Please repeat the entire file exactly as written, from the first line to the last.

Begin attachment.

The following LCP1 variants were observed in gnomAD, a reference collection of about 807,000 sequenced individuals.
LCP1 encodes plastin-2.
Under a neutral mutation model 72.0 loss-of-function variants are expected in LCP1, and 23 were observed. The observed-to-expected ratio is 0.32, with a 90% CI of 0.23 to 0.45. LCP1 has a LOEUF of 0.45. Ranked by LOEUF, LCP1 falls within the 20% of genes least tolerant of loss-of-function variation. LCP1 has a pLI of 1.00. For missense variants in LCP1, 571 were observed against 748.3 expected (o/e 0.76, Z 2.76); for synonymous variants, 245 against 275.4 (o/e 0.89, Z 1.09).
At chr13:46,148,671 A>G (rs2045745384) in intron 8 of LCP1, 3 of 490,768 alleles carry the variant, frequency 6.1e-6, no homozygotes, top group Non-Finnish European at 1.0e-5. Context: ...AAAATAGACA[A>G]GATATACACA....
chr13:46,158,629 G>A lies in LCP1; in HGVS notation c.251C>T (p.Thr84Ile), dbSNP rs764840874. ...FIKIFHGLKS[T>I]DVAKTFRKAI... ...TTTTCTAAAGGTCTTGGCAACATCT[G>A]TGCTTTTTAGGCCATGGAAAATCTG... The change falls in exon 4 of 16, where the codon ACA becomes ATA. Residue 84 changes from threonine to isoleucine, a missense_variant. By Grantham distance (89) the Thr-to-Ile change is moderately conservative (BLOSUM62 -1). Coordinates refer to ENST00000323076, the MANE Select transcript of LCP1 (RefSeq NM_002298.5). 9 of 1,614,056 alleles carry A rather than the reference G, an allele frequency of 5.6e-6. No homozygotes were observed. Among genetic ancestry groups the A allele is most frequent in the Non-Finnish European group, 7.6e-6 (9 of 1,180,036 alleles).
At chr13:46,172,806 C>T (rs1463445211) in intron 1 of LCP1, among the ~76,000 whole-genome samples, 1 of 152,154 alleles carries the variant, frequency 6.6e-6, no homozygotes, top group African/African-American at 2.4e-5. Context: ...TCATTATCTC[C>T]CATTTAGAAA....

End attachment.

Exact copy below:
The following LCP1 variants were observed in gnomAD, a reference collection of about 807,000 sequenced individuals.
LCP1 encodes plastin-2.
Under a neutral mutation model 72.0 loss-of-function variants are expected in LCP1, and 23 were observed. The observed-to-expected ratio is 0.32, with a 90% CI of 0.23 to 0.45. LCP1 has a LOEUF of 0.45. Ranked by LOEUF, LCP1 falls within the 20% of genes least tolerant of loss-of-function variation. LCP1 has a pLI of 1.00. For missense variants in LCP1, 571 were observed against 748.3 expected (o/e 0.76, Z 2.76); for synonymous variants, 245 against 275.4 (o/e 0.89, Z 1.09).
At chr13:46,148,671 A>G (rs2045745384) in intron 8 of LCP1, 3 of 490,768 alleles carry the variant, frequency 6.1e-6, no homozygotes, top group Non-Finnish European at 1.0e-5. Context: ...AAAATAGACA[A>G]GATATACACA....
chr13:46,158,629 G>A lies in LCP1; in HGVS notation c.251C>T (p.Thr84Ile), dbSNP rs764840874. ...FIKIFHGLKS[T>I]DVAKTFRKAI... ...TTTTCTAAAGGTCTTGGCAACATCT[G>A]TGCTTTTTAGGCCATGGAAAATCTG... The change falls in exon 4 of 16, where the codon ACA becomes ATA. Residue 84 changes from threonine to isoleucine, a missense_variant. By Grantham distance (89) the Thr-to-Ile change is moderately conservative (BLOSUM62 -1). Coordinates refer to ENST00000323076, the MANE Select transcript of LCP1 (RefSeq NM_002298.5). 9 of 1,614,056 alleles carry A rather than the reference G, an allele frequency of 5.6e-6. No homozygotes were observed. Among genetic ancestry groups the A allele is most frequent in the Non-Finnish European group, 7.6e-6 (9 of 1,180,036 alleles).
At chr13:46,172,806 C>T (rs1463445211) in intron 1 of LCP1, among the ~76,000 whole-genome samples, 1 of 152,154 alleles carries the variant, frequency 6.6e-6, no homozygotes, top group African/African-American at 2.4e-5. Context: ...TCATTATCTC[C>T]CATTTAGAAA....